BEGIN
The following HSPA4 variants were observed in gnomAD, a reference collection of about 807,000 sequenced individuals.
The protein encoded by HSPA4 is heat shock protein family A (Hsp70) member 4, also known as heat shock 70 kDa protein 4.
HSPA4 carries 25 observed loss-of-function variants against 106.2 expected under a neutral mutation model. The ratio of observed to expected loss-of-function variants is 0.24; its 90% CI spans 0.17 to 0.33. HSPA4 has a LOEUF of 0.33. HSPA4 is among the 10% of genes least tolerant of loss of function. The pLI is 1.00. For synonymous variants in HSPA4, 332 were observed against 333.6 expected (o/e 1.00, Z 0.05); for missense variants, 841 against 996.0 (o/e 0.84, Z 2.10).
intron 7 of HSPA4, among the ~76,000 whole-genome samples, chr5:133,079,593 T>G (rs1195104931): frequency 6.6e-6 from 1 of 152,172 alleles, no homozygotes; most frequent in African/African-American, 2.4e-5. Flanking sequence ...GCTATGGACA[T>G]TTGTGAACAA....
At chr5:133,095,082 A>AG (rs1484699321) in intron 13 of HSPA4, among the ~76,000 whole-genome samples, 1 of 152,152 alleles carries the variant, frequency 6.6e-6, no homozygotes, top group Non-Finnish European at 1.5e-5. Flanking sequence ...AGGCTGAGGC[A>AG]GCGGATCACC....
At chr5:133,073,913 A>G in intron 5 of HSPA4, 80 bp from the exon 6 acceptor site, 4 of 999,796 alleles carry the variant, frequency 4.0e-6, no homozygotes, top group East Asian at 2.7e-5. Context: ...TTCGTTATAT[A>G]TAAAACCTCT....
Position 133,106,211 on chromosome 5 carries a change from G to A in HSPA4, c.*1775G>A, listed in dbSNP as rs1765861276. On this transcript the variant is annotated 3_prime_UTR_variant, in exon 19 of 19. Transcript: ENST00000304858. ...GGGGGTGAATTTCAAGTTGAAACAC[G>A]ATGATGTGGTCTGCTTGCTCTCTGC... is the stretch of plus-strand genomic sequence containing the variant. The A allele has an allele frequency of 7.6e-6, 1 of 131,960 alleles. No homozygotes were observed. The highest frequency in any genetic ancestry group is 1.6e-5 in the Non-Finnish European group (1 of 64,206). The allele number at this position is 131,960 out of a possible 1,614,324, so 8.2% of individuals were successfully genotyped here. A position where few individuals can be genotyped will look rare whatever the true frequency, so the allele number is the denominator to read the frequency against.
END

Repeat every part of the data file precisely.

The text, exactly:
The following HSPA4 variants were observed in gnomAD, a reference collection of about 807,000 sequenced individuals.
The protein encoded by HSPA4 is heat shock protein family A (Hsp70) member 4, also known as heat shock 70 kDa protein 4.
HSPA4 carries 25 observed loss-of-function variants against 106.2 expected under a neutral mutation model. The ratio of observed to expected loss-of-function variants is 0.24; its 90% CI spans 0.17 to 0.33. HSPA4 has a LOEUF of 0.33. HSPA4 is among the 10% of genes least tolerant of loss of function. The pLI is 1.00. For synonymous variants in HSPA4, 332 were observed against 333.6 expected (o/e 1.00, Z 0.05); for missense variants, 841 against 996.0 (o/e 0.84, Z 2.10).
intron 7 of HSPA4, among the ~76,000 whole-genome samples, chr5:133,079,593 T>G (rs1195104931): frequency 6.6e-6 from 1 of 152,172 alleles, no homozygotes; most frequent in African/African-American, 2.4e-5. Flanking sequence ...GCTATGGACA[T>G]TTGTGAACAA....
At chr5:133,095,082 A>AG (rs1484699321) in intron 13 of HSPA4, among the ~76,000 whole-genome samples, 1 of 152,152 alleles carries the variant, frequency 6.6e-6, no homozygotes, top group Non-Finnish European at 1.5e-5. Flanking sequence ...AGGCTGAGGC[A>AG]GCGGATCACC....
At chr5:133,073,913 A>G in intron 5 of HSPA4, 80 bp from the exon 6 acceptor site, 4 of 999,796 alleles carry the variant, frequency 4.0e-6, no homozygotes, top group East Asian at 2.7e-5. Context: ...TTCGTTATAT[A>G]TAAAACCTCT....
Position 133,106,211 on chromosome 5 carries a change from G to A in HSPA4, c.*1775G>A, listed in dbSNP as rs1765861276. On this transcript the variant is annotated 3_prime_UTR_variant, in exon 19 of 19. Transcript: ENST00000304858. ...GGGGGTGAATTTCAAGTTGAAACAC[G>A]ATGATGTGGTCTGCTTGCTCTCTGC... is the stretch of plus-strand genomic sequence containing the variant. The A allele has an allele frequency of 7.6e-6, 1 of 131,960 alleles. No homozygotes were observed. The highest frequency in any genetic ancestry group is 1.6e-5 in the Non-Finnish European group (1 of 64,206). The allele number at this position is 131,960 out of a possible 1,614,324, so 8.2% of individuals were successfully genotyped here. A position where few individuals can be genotyped will look rare whatever the true frequency, so the allele number is the denominator to read the frequency against.